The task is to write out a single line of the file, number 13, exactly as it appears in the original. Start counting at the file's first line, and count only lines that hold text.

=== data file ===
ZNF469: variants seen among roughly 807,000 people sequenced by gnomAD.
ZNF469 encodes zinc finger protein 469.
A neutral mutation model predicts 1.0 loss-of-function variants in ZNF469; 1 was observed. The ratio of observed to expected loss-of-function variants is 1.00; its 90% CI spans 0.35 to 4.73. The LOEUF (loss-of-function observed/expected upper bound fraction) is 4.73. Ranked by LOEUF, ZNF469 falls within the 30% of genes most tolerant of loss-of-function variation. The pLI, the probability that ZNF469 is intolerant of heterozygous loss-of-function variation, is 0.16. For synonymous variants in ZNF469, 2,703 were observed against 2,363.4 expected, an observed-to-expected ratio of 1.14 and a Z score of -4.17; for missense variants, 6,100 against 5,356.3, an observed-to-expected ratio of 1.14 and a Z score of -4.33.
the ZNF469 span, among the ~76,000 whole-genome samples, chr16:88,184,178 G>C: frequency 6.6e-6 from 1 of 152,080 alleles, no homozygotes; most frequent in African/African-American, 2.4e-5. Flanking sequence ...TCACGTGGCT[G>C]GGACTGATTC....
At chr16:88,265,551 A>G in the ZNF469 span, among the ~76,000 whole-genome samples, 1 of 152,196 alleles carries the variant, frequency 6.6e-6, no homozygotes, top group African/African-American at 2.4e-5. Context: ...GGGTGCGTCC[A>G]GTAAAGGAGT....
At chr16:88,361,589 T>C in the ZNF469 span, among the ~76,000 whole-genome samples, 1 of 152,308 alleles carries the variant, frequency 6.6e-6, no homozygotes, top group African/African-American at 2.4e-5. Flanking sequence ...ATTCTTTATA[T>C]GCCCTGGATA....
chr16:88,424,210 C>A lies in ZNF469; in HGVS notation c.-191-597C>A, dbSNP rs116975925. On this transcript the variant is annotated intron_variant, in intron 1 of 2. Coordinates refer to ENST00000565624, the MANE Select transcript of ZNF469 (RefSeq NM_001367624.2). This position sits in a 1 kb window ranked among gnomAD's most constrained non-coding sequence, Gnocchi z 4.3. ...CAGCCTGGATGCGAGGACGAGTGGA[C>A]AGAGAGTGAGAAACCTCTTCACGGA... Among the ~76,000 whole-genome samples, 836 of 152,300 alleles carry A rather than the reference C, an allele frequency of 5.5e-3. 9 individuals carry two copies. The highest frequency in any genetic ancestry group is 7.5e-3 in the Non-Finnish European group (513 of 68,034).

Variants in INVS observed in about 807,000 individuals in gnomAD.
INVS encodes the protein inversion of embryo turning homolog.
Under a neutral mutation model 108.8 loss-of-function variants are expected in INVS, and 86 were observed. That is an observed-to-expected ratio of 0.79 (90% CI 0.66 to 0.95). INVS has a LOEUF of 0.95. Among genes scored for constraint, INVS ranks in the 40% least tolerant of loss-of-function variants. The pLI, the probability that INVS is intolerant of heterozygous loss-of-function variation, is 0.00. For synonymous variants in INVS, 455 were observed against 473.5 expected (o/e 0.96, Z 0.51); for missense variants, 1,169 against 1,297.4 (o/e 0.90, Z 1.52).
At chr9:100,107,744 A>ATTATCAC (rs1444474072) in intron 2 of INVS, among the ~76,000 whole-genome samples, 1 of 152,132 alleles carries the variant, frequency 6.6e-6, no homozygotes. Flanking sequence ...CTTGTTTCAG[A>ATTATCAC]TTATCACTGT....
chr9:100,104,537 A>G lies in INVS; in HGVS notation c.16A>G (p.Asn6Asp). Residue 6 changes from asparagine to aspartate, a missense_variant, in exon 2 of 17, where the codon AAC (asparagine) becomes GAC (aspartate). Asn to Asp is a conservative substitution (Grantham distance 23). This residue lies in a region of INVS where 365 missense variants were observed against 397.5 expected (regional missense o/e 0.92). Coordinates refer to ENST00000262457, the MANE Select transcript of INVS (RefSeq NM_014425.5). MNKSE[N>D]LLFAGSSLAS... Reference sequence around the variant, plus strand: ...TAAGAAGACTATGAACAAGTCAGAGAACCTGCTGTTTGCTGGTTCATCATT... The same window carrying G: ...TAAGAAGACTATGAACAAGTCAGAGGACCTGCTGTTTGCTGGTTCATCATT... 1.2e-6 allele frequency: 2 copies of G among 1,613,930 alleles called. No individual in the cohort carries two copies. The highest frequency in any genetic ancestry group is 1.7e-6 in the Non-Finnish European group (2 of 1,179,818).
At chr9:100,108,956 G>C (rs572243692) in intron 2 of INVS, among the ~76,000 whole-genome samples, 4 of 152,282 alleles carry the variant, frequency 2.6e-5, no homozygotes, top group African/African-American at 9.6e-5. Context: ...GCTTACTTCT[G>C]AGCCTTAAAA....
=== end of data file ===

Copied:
At chr9:100,108,956 G>C (rs572243692) in intron 2 of INVS, among the ~76,000 whole-genome samples, 4 of 152,282 alleles carry the variant, frequency 2.6e-5, no homozygotes, top group African/African-American at 9.6e-5. Context: ...GCTTACTTCT[G>C]AGCCTTAAAA....